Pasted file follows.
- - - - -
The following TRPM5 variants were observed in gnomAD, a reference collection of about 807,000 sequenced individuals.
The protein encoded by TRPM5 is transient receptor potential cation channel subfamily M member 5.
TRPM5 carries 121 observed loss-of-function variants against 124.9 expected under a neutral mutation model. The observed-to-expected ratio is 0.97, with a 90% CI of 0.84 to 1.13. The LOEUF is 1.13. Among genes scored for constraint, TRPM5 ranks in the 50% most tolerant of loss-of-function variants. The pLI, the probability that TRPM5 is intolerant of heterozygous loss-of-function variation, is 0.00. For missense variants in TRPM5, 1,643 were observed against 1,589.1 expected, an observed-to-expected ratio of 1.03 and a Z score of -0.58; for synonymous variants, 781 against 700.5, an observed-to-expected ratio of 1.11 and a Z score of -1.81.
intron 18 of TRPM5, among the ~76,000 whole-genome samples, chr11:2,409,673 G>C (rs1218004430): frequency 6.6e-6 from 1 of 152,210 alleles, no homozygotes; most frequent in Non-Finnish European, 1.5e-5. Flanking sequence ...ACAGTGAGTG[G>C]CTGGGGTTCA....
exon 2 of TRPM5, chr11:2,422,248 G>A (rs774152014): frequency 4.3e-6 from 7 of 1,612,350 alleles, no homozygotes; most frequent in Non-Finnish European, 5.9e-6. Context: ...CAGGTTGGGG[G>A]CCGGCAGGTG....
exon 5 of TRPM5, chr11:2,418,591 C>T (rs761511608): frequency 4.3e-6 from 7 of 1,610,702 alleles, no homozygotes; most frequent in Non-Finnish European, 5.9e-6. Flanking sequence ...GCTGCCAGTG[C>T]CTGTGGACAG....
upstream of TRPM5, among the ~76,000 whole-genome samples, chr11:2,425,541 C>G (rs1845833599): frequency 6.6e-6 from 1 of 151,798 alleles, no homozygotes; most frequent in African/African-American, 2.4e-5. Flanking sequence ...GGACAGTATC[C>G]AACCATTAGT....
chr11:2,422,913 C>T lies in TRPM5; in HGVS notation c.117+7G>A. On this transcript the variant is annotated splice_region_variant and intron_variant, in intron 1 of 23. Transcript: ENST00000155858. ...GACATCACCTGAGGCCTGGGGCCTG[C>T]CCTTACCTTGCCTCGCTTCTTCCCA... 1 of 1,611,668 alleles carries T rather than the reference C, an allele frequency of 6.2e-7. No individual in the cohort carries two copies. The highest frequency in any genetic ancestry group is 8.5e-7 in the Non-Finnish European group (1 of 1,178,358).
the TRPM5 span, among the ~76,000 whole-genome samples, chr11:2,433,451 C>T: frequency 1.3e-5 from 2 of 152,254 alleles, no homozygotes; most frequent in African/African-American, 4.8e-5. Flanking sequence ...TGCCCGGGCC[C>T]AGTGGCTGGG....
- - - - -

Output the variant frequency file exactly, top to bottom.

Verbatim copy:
The following TRPM5 variants were observed in gnomAD, a reference collection of about 807,000 sequenced individuals.
The protein encoded by TRPM5 is transient receptor potential cation channel subfamily M member 5.
TRPM5 carries 121 observed loss-of-function variants against 124.9 expected under a neutral mutation model. The observed-to-expected ratio is 0.97, with a 90% CI of 0.84 to 1.13. The LOEUF is 1.13. Among genes scored for constraint, TRPM5 ranks in the 50% most tolerant of loss-of-function variants. The pLI, the probability that TRPM5 is intolerant of heterozygous loss-of-function variation, is 0.00. For missense variants in TRPM5, 1,643 were observed against 1,589.1 expected, an observed-to-expected ratio of 1.03 and a Z score of -0.58; for synonymous variants, 781 against 700.5, an observed-to-expected ratio of 1.11 and a Z score of -1.81.
intron 18 of TRPM5, among the ~76,000 whole-genome samples, chr11:2,409,673 G>C (rs1218004430): frequency 6.6e-6 from 1 of 152,210 alleles, no homozygotes; most frequent in Non-Finnish European, 1.5e-5. Flanking sequence ...ACAGTGAGTG[G>C]CTGGGGTTCA....
exon 2 of TRPM5, chr11:2,422,248 G>A (rs774152014): frequency 4.3e-6 from 7 of 1,612,350 alleles, no homozygotes; most frequent in Non-Finnish European, 5.9e-6. Context: ...CAGGTTGGGG[G>A]CCGGCAGGTG....
exon 5 of TRPM5, chr11:2,418,591 C>T (rs761511608): frequency 4.3e-6 from 7 of 1,610,702 alleles, no homozygotes; most frequent in Non-Finnish European, 5.9e-6. Flanking sequence ...GCTGCCAGTG[C>T]CTGTGGACAG....
upstream of TRPM5, among the ~76,000 whole-genome samples, chr11:2,425,541 C>G (rs1845833599): frequency 6.6e-6 from 1 of 151,798 alleles, no homozygotes; most frequent in African/African-American, 2.4e-5. Flanking sequence ...GGACAGTATC[C>G]AACCATTAGT....
chr11:2,422,913 C>T lies in TRPM5; in HGVS notation c.117+7G>A. On this transcript the variant is annotated splice_region_variant and intron_variant, in intron 1 of 23. Transcript: ENST00000155858. ...GACATCACCTGAGGCCTGGGGCCTG[C>T]CCTTACCTTGCCTCGCTTCTTCCCA... 1 of 1,611,668 alleles carries T rather than the reference C, an allele frequency of 6.2e-7. No individual in the cohort carries two copies. The highest frequency in any genetic ancestry group is 8.5e-7 in the Non-Finnish European group (1 of 1,178,358).
the TRPM5 span, among the ~76,000 whole-genome samples, chr11:2,433,451 C>T: frequency 1.3e-5 from 2 of 152,254 alleles, no homozygotes; most frequent in African/African-American, 4.8e-5. Flanking sequence ...TGCCCGGGCC[C>T]AGTGGCTGGG....